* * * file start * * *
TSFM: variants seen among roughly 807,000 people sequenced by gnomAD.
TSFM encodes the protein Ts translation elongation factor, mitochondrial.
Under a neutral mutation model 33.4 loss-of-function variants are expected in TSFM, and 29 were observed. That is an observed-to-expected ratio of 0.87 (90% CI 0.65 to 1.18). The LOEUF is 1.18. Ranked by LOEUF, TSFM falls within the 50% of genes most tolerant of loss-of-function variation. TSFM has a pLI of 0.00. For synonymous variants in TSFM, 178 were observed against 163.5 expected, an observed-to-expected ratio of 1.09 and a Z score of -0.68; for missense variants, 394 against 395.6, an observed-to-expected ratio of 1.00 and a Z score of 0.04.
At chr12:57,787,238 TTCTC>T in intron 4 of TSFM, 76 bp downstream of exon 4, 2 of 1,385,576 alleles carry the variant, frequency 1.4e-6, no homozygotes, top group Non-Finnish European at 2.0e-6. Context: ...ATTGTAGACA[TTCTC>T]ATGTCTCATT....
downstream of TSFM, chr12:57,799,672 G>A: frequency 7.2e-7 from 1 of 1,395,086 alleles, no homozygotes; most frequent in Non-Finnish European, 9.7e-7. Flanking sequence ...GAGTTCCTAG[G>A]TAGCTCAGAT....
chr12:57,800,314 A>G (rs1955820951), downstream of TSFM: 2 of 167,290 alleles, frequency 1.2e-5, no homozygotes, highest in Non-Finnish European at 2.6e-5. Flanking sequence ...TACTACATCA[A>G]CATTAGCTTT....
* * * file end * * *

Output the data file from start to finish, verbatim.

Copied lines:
TSFM: variants seen among roughly 807,000 people sequenced by gnomAD.
TSFM encodes the protein Ts translation elongation factor, mitochondrial.
Under a neutral mutation model 33.4 loss-of-function variants are expected in TSFM, and 29 were observed. That is an observed-to-expected ratio of 0.87 (90% CI 0.65 to 1.18). The LOEUF is 1.18. Ranked by LOEUF, TSFM falls within the 50% of genes most tolerant of loss-of-function variation. TSFM has a pLI of 0.00. For synonymous variants in TSFM, 178 were observed against 163.5 expected, an observed-to-expected ratio of 1.09 and a Z score of -0.68; for missense variants, 394 against 395.6, an observed-to-expected ratio of 1.00 and a Z score of 0.04.
At chr12:57,787,238 TTCTC>T in intron 4 of TSFM, 76 bp downstream of exon 4, 2 of 1,385,576 alleles carry the variant, frequency 1.4e-6, no homozygotes, top group Non-Finnish European at 2.0e-6. Context: ...ATTGTAGACA[TTCTC>T]ATGTCTCATT....
downstream of TSFM, chr12:57,799,672 G>A: frequency 7.2e-7 from 1 of 1,395,086 alleles, no homozygotes; most frequent in Non-Finnish European, 9.7e-7. Flanking sequence ...GAGTTCCTAG[G>A]TAGCTCAGAT....
chr12:57,800,314 A>G (rs1955820951), downstream of TSFM: 2 of 167,290 alleles, frequency 1.2e-5, no homozygotes, highest in Non-Finnish European at 2.6e-5. Flanking sequence ...TACTACATCA[A>G]CATTAGCTTT....